COVID-19 and illness compensation claims against your business

Advice  |   3 June 2020

Whether you own a business which has been operational or closed during the coronavirus lockdown, health and safety issues are uppermost in all our minds as we consider how to adapt each business to ensure it survives.

Whether you own a business which has been operational or closed during the coronavirus lockdown, health and safety issues are uppermost in all our minds as we consider how to adapt each business to ensure it survives. Lives are at stake among employees and volunteers, contractors and subcontractors, customers and suppliers.

‘We don’t know what the long-term health risks are in relation to COVID-19, but we can expect to see claims for compensation coming from a number of corners,’ says Edward Lewis, a commercial disputes solicitor with Thackray Williams. ‘We cannot stress the importance of thorough record keeping in regard to risk assessments, key decisions, health and safety policies and procedures, PPE, training and incidents in the event that any claims materialise alleging that someone caught COVID-19 via your business.’

Government guidance

Guidance from the Government continues to appear, for example, on 11 May 2020 BEIS published ‘5 steps to working safely’ with recommendations to:

  • carry out a COVID-19 risk assessment;
  • develop cleaning, handwashing and hygiene procedures;
  • help people to work from home;
  • maintain two metres social distancing, where possible; and
  • where people cannot be two metres apart, to manage the transmission risk.

At the moment there is a lot of uncertainty over how the disease is transmitted, for example with different distance rules in different countries, but over time these will become clearer. The track and trace technologies are already identifying hotspots in countries, and once information is known and made public, it will be important to demonstrate that you responded appropriately.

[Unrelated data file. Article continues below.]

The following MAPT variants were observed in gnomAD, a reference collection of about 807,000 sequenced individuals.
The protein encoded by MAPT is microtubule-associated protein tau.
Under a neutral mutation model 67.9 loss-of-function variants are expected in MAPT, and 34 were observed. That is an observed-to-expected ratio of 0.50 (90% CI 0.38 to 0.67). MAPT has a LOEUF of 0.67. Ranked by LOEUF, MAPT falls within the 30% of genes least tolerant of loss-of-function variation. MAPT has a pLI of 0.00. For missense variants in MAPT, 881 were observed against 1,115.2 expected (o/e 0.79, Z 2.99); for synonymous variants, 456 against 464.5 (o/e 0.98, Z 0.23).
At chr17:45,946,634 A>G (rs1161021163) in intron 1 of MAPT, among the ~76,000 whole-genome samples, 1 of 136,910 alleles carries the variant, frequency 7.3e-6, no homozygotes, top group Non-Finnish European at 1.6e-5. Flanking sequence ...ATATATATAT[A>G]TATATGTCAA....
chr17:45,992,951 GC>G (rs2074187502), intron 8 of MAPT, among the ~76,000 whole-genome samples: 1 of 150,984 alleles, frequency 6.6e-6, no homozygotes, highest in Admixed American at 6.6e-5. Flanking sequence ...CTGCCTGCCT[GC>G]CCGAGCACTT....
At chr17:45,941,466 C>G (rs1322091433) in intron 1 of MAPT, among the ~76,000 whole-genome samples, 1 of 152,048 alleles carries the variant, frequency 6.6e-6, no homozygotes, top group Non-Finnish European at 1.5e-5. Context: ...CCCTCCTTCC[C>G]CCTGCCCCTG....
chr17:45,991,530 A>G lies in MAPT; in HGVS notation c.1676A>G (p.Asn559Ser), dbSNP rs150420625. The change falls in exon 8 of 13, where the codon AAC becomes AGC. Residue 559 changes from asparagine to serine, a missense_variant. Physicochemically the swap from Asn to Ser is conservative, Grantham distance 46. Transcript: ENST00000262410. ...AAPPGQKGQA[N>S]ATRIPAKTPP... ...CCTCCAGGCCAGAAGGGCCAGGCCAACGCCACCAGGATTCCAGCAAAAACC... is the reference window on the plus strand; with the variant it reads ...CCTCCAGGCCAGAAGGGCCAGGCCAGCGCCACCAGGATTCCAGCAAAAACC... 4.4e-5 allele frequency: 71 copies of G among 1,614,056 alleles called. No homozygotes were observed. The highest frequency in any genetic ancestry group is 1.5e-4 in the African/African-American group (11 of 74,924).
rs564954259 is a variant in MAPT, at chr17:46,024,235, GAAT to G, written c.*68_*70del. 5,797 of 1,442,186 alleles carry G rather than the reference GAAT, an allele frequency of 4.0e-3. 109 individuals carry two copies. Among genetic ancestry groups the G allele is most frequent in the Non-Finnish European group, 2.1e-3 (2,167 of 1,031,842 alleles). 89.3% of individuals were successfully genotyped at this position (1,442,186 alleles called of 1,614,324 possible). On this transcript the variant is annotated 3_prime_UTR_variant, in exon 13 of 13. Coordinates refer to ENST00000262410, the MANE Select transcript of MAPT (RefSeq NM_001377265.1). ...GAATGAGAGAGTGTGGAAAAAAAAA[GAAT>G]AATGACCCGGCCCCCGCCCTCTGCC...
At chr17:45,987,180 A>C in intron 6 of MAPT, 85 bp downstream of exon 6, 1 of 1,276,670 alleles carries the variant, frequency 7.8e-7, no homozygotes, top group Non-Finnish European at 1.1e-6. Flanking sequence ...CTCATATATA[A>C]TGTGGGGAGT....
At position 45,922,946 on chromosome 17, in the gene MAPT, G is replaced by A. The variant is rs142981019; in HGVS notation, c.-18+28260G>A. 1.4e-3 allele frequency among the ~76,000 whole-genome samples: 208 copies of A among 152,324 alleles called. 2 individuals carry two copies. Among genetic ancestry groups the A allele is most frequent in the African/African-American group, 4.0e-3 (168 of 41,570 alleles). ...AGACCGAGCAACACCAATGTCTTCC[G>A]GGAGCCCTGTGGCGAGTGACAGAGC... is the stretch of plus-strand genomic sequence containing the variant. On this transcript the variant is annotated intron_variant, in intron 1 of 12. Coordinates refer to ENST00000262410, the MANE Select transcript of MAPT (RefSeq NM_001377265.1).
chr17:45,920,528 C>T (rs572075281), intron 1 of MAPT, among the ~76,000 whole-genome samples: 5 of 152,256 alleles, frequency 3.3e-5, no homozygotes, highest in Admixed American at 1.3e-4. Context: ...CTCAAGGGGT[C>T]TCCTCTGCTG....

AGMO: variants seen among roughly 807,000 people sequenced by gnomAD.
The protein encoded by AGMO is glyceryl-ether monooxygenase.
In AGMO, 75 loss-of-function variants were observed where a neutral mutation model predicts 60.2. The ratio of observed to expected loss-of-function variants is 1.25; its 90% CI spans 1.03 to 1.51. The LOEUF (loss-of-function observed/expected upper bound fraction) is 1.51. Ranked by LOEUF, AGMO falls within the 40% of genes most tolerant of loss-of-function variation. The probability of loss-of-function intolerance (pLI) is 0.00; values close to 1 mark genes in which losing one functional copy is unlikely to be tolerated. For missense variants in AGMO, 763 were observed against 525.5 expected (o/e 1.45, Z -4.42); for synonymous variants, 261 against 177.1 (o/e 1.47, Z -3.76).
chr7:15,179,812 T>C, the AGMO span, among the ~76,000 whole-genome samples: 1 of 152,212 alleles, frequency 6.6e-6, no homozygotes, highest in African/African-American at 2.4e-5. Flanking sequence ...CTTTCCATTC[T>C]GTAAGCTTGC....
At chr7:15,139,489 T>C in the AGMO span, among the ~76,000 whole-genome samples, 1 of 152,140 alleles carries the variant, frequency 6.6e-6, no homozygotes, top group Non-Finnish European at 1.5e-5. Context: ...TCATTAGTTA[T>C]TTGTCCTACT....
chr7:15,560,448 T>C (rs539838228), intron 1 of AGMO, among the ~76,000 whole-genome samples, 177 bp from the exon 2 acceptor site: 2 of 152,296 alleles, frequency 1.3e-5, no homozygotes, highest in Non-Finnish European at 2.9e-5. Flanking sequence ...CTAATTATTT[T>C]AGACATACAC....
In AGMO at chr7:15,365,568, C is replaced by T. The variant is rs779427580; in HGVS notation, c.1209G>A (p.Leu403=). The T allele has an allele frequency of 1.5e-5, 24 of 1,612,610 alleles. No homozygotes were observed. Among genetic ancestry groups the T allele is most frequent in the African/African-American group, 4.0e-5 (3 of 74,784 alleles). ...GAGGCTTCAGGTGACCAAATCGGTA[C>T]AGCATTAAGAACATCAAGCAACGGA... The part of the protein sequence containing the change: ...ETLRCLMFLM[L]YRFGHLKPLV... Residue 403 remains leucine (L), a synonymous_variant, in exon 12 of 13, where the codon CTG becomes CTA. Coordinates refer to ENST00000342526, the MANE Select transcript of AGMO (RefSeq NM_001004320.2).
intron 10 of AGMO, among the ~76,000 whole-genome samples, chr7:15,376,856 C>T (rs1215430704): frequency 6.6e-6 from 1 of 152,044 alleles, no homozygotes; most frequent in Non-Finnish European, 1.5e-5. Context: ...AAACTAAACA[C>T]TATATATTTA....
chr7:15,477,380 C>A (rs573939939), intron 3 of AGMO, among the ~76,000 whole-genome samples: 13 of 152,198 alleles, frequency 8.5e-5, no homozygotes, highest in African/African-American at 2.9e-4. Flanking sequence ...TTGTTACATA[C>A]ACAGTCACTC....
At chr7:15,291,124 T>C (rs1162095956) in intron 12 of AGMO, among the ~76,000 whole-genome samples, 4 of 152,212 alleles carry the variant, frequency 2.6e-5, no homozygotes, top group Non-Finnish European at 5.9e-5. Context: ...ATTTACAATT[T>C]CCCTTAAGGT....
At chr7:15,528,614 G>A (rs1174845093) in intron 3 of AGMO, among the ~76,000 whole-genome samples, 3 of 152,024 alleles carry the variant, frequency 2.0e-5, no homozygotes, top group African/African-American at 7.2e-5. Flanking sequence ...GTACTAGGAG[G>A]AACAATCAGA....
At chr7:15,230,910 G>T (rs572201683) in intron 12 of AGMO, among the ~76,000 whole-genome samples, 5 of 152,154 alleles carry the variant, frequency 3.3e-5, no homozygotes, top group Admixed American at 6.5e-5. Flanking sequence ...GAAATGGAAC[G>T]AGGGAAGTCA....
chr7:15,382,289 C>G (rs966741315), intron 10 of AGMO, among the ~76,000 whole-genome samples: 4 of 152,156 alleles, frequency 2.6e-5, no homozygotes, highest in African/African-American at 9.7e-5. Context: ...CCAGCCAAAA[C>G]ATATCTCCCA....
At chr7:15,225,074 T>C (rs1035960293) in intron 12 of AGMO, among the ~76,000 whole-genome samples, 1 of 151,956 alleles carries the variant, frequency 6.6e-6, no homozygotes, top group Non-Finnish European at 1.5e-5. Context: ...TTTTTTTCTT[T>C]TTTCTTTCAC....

Business owners should review each announcement and record any decisions and the rationale behind them, as they may need to rely on this information in the event of a claim.

Risk assessment

The BEIS guidance recommends all employers carry out a COVID-19 risk assessment using the guidance from the Health and Safety Executive in consultation with workers or trade unions.

You also need to think of the risks to your customers and suppliers. Many organisations outsource elements of their businesses and cleaning is a common area for outsourcing, often on a casual basis. This will need to be rethought carefully and proper contracts put in place, for an outsourced cleaning company may have to be joined in a claim where a business believes that it contributed to the negligence.

Most importantly, a documented risk assessment will be a useful tool to defend your business from any claims that may appear in the future. However, you should seek advice from your solicitor first before deciding what information, if anything, should be disseminated.

Testing and health information

As test kits become more affordable and results can be obtained quickly, then regular testing may become an option. But deciding who to test, and how this information will be used is a potential minefield for companies, as health data is regarded as ‘sensitive’ personal data and you could find yourself in hot water with healthy customers if they feel their health data is being used inappropriately.